Combating Modern Day Slavery will be the topic Saturday morning (June 18) at Tenth Church. Matt Friedman and Sylvia Yu Friedman will make the presentation.
Following is an excerpt from Matt Friedman’s new book, Where Were You?: A Profile of Modern Slavery.
Twenty years ago, Gita asked me “Where were you?”1 That day, she called us all out and asked why the world didn’t help her and other girls in slavery. Throughout the world, there are millions of people in forced prostitution and forced labor who repeatedly ask this same question every day.
I am continually reminded of Gita’s angry challenge to me and others like me. We fail to protect our innocent children and young adults. Why do we not care enough to do everything possible to end rape and slavery?
After nearly 30 years in the field doing this work, I am considered an expert. However, to this day and at this moment, I cannot answer Gita’s question: “Where were you?”
This testimonial reflects a scenario that takes place every five seconds as another young person becomes a slave:
I was only 15 years old when I was sold to the brothel. I was so young. I didn’t know anything. I was innocent then. My parents were tricked by a neighbour into thinking I’d be working at a restaurant as a waitress in the city. I wanted to go. I wanted to help my family. I was willing to work.
But this is not what followed. After walking through the jungle and crossing the border on a night boat, a van took me to a bad place – a place where girls like me were sold like animals to the owner. When they told me what I was supposed to do with men, I said no, never. I fought back. But that didn’t stop them.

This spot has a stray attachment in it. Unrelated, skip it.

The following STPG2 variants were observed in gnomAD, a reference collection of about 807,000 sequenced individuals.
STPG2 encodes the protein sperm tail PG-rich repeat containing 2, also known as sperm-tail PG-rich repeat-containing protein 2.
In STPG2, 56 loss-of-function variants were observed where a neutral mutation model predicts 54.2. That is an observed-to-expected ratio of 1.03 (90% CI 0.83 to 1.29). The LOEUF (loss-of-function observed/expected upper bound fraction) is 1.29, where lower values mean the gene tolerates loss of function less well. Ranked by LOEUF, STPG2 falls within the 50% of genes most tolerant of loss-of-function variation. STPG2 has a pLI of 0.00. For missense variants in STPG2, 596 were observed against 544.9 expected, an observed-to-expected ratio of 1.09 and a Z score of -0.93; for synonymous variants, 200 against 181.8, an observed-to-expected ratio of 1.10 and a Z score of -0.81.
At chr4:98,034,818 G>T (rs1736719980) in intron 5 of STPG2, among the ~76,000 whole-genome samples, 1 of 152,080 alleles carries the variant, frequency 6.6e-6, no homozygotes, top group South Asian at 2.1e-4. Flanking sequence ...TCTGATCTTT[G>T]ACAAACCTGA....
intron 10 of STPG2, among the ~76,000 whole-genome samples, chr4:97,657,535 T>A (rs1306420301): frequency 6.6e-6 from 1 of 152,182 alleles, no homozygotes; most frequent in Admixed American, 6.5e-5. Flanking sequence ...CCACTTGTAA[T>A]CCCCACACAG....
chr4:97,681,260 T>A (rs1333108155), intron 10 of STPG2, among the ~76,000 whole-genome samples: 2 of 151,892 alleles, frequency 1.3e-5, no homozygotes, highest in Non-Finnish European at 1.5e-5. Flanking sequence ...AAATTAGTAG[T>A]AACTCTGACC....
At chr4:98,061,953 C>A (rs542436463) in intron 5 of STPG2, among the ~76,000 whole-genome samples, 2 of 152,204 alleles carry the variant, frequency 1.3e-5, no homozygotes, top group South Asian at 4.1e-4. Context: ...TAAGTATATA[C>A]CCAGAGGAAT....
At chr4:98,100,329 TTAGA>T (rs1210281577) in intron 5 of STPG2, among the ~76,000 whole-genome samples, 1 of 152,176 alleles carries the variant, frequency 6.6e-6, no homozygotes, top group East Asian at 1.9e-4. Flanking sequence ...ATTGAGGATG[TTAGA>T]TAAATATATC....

They abused me and tortured me for days until I had nothing left to give. I no longer had control of my life or my body. I belonged to them. Every night I was with up to 10 different men, seven days a week, 365 days a year. For years, this was my life. Now at 18, my body is frail from the illnesses. I feel completely empty inside.
People ask me what happened to Gita. I honestly don’t know. I never heard from her again. Sadly, I have to assume she died of HIV/AIDS along with the hundreds of women and girls I met who were forced to have sex in those brothels. But her question didn’t die. It lives on today.
If you have read this far, it means you will help answer Gita’s question. You realize you can help end slavery. As famous English abolitionist William Wilberforce said, “You may choose to look the other way but you can never say again that you did not know.”